Frequently Asked Questions
I have a small farm with chickens, ducks, and milk goats. Would sheep fit in? And what would I need to keep them?
Sheep suitability to a small farm depends a lot on the acreage you can utilize for sheep, how much you are willing to spend, and if you have strong helpers or not, depending on the size and number of the sheep.
Acreage: I have 3 acres, which means I will never have enough pasture for grazing. I primarily buy my alfalfa/grass hay and feed it all year long, with a short time allowed in the pasture for my ewes, so they at least know what pasture is. This is expensive. Also, I keep all my rams (most people do not carry so many rams) in large, individual or 2-sheep pens, which are composed of cattle panels. This is also expensive, and means that you have to plan carefully to get all the pens in your acreage, and leave room for other things. My ewes are kept communally in 2 separate pastures, one for higher maintenance sheep and one for lower maintenance. They must be able to be separated out in different pens during breeding times, if you want to maintain registered sheep of several breeds. You also need a place to store hay, an equipment and supplemental food shed, and at least a loafing shelter in each enclosure.
Depending on your weather, a barn is great; not necessarily insulated in all but the most northern states. All of these things can be managed on a budget with a little more planning than if you didn’t have a budget. Also lots of building materials can be salvaged from various sources, and can be used instead of new items, although the operation may not look quite as “spiffy.” However, the only necessity is that the ram pens must be secure.
If you have large sheep (225-350), and especially if you have a number of large sheep, it is best to be young and strong, or employ some young and strong people. Mostly sheep eat, sleep and tend to their business quite happily with no intervention. But when it comes time to catch them and give them medication, or help with a difficult birth, or trim their feet, a 300 pound sheep becomes overwhelming. Many of my sheep are halter trained, or are at least fairly easily handled, but during shearing, medicating, or “train wrecks”, someone much younger and stronger than I am is completely necessary. If you chose medium sized or small sheep, those issues more nor less disappear.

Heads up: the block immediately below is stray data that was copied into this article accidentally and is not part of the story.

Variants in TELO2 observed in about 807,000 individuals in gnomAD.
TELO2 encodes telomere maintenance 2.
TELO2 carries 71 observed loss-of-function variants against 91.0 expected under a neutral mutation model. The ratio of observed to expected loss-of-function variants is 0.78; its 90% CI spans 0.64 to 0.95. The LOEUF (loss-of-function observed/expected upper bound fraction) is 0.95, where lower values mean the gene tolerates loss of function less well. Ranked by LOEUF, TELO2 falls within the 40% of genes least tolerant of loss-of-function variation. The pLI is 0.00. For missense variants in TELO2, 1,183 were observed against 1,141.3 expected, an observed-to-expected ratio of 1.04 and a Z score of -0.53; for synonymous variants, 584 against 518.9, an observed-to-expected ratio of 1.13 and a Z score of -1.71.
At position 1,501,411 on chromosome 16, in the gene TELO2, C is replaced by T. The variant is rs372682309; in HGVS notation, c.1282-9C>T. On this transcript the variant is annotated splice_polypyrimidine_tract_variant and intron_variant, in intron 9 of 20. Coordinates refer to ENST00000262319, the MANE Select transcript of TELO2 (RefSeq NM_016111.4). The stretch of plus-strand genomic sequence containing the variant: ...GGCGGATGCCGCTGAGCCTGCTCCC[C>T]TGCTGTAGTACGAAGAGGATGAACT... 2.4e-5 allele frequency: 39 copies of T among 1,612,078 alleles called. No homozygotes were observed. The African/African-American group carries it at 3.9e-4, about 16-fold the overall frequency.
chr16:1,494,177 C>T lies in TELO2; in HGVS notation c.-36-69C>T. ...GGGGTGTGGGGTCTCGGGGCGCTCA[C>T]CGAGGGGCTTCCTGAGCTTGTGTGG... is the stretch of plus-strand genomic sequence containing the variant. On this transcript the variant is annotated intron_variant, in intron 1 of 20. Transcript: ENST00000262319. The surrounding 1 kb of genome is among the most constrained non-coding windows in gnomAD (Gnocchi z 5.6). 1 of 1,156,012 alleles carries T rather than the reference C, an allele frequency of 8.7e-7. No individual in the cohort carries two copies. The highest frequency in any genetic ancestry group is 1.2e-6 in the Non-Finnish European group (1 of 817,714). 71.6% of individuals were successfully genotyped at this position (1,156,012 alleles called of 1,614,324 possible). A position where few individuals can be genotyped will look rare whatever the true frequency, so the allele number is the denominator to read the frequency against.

All those things included, in my opinion, sheep are much easier to keep than cattle or horses, which require a lot more initial knowledge, some specialized, rather large equipment (squeeze chutes, etc) and more stout fencing. Obviously, they are smaller and more easily handled, and it is entirely possible to make your ewes “pets”, if that is what you wish. They will come to their names when called, and beg for grain handouts if you go in for those sorts of treats. A ram can never be a pet, although all my rams are particularly civil boys, or they don’t stay here long. Making a pet of a ram is a recipe for disaster, and certainly not the ram’s fault when he becomes so chummy with you that he thinks it is funny and fun to knock you across the sheep pen as a game.
What do sheep eat?
Some of this answer depends on what you are going to do with the sheep. If you are going to breed them for lambs as often as you can, they will need a diet higher in nutrition (grain versus grass). Also, if you intend to compete and show your sheep, some breeds will need a higher intake of grain-type foods than just pasture or hay. But all the breeds on Cunnington Farms do very well indeed on dry-land alfalfa hay sometimes mixed with high-quality grass hay, with a little grain during lambing/raising lambs, plenty of salt and mineral supplements, and, although I do not have this luxury, if you are lucky enough to have ample pasture, pasture-feeding as long as the land will sustain it. My sheep must be thrifty and easy keepers, or they move on to more indulgent farms.